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Why Price Controls Inevitably Lead to Shortages
Letting the government set the cost of products always backfires
Michelle Tandler is a liberal from San Francisco who has gotten a lot of attention for being willing to point out that the emperor has no clothes in that city. Liberals don’t care if conservatives like you or me criticize how the city is run, but when a quasi-prominent liberal from San Francisco started loudly pointing out that their policies on crime and homelessness are abject failures, it aggravated the Left in San Fran. Tandler is definitely a leftie, but dogfighting with the crazy Left in that city has increasingly moved her to the center-left. Recently, she posted this:
This is a subject worth discussing because there genuinely are an awful lot of people in this country, particularly on the Left, that don’t understand the problem with price controls – and why would they? Do they teach it in most high schools? Does the mainstream media explain the concept? Are you ever going to see liberal politicians tell the truth about this? Do most people own a business, which would, almost by default, help them to understand this concept?
People who don’t understand the concept may not get why it’s a problem to just say, “Well, I don’t think anyone should have to pay more than X dollars for a product, so let’s set the price there.” To explain why this is an issue, we need to get back to first principles. Let’s start with an extremely simple example.
Let’s say you make money by going to yard sales, buying purses, and then selling them on eBay. A lot of people do that kind of thing these days. You buy those purses at yard sales for $10 each on average and, after expenses, you make $25 in profit for each one you sell. It’s a little bit of a hassle, but if you sell 12 of them per month on eBay, that’s an extra $300 per month. Not terrible, right?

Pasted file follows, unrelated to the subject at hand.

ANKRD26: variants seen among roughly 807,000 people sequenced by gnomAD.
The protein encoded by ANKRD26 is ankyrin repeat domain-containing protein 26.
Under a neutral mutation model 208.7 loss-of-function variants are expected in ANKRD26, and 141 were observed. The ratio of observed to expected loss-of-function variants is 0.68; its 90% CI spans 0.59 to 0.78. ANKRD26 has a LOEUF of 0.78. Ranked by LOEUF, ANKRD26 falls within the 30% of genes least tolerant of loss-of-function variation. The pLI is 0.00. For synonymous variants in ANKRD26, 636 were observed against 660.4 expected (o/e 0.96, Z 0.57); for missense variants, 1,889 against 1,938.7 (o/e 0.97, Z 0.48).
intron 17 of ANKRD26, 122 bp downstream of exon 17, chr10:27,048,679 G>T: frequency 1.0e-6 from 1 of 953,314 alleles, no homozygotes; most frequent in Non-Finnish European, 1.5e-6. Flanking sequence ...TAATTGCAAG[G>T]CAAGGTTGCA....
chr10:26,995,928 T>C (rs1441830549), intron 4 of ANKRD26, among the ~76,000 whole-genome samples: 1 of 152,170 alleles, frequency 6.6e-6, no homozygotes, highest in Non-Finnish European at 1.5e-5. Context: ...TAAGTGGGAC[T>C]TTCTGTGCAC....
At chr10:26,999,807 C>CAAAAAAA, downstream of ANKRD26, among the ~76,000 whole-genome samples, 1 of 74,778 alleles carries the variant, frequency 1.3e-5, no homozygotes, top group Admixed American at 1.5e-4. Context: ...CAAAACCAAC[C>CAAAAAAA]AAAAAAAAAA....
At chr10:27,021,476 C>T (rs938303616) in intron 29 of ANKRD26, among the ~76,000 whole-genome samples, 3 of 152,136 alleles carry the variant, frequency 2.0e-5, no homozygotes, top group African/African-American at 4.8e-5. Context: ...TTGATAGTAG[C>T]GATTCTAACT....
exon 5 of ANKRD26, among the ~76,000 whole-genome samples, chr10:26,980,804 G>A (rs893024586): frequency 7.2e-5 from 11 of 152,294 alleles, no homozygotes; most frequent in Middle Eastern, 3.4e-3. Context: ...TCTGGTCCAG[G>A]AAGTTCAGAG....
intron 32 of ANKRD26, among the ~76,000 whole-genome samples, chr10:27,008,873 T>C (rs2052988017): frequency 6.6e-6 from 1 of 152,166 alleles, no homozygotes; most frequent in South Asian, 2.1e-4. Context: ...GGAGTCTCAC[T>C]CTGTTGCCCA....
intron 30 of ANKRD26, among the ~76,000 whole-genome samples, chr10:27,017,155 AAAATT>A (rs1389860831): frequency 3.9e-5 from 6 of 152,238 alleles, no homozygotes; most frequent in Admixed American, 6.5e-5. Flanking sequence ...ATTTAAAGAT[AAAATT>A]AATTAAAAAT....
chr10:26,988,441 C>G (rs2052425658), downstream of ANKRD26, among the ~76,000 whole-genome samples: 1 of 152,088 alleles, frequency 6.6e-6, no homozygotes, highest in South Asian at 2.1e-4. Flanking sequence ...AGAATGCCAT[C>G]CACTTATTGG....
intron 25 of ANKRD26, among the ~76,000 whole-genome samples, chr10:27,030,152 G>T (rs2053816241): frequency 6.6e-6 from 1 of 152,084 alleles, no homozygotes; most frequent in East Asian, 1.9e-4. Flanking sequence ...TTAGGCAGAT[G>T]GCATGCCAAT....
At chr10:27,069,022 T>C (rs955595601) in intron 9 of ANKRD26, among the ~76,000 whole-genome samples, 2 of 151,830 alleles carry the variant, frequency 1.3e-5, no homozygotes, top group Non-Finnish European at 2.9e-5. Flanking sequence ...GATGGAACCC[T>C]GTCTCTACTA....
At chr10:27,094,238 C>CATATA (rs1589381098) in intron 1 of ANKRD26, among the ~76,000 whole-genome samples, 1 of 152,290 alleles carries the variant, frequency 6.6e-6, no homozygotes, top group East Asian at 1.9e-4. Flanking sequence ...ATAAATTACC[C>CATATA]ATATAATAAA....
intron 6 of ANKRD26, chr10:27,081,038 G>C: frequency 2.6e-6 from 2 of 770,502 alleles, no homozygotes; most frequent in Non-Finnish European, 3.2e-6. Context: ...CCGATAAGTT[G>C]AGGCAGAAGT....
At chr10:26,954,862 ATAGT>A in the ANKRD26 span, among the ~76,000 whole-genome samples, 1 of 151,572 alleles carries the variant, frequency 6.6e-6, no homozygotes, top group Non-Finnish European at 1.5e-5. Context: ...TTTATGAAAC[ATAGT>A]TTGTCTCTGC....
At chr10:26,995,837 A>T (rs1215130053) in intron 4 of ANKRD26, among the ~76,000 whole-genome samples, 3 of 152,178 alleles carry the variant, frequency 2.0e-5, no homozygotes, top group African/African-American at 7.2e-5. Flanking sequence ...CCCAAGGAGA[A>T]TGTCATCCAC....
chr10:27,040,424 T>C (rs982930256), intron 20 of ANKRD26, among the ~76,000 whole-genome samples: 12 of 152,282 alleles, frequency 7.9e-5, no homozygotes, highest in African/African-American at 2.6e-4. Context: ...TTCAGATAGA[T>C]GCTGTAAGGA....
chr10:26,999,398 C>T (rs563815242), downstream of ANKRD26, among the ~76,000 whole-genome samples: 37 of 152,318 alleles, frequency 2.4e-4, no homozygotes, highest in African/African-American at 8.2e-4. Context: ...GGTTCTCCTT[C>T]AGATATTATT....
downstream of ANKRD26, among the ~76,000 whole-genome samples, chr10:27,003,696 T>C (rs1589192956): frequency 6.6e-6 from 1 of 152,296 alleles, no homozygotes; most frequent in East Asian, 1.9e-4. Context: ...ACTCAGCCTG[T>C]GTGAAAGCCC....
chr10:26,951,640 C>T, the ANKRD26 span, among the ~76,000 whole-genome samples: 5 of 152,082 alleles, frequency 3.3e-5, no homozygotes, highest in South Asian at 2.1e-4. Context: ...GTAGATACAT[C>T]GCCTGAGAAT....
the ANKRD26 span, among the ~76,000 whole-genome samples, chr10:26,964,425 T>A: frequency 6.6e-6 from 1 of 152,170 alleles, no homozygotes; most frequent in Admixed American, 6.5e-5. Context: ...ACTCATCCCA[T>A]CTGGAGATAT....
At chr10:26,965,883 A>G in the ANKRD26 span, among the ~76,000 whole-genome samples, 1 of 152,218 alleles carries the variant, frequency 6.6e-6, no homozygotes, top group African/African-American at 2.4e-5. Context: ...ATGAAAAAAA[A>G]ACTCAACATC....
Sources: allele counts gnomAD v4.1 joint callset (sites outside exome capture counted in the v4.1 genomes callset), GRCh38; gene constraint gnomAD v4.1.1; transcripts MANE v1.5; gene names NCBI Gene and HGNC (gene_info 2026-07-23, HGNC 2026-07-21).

Unfortunately for you, the local government passes the, “Everyone Deserves a Cheap Purse Act” and that law sets the max amount a purse can be sold for on eBay at $15. Suddenly, your situation has drastically changed. For one thing, it may have been worth your time to sell those purses to make $300 per month, but if you sell 12 purses at only $15 per month, that means you’re only going to make $60 in profit for your efforts. Is it still worth your time to do it at all? That’s debatable. Even if you decide that it is, your profit margin is much smaller and it’s possible it could quickly evaporate entirely. If the cost of buying purses at yard sales increases to $15 per month, you make zero profit selling them on eBay. So, what are you going to do? You’re going to stop selling purses. Other people are going to do the same thing and guess what? The supply of purses on eBay will plunge.
You can see this happens very quickly in the real world when there’s a gas shortage somewhere. For example, after Hurricane Dorian in 2019, there was flooding and trees down in areas all around North Myrtle Beach. That made it very difficult for gas trucks to make deliveries here for a few days. That led to the gas supply temporarily being very limited. In a world where anti-gouging laws didn’t exist, the cost of gas would have probably gone up to $20, $30, $40 per gallon, only people that desperately needed fuel would have paid that price and the very limited supply of gas would have been stretched out for a few days. However, since we do have anti-gouging laws that prevent gas stations from raising their prices in situations like that, gas was quickly sold out everywhere and it was impossible to get for a few days.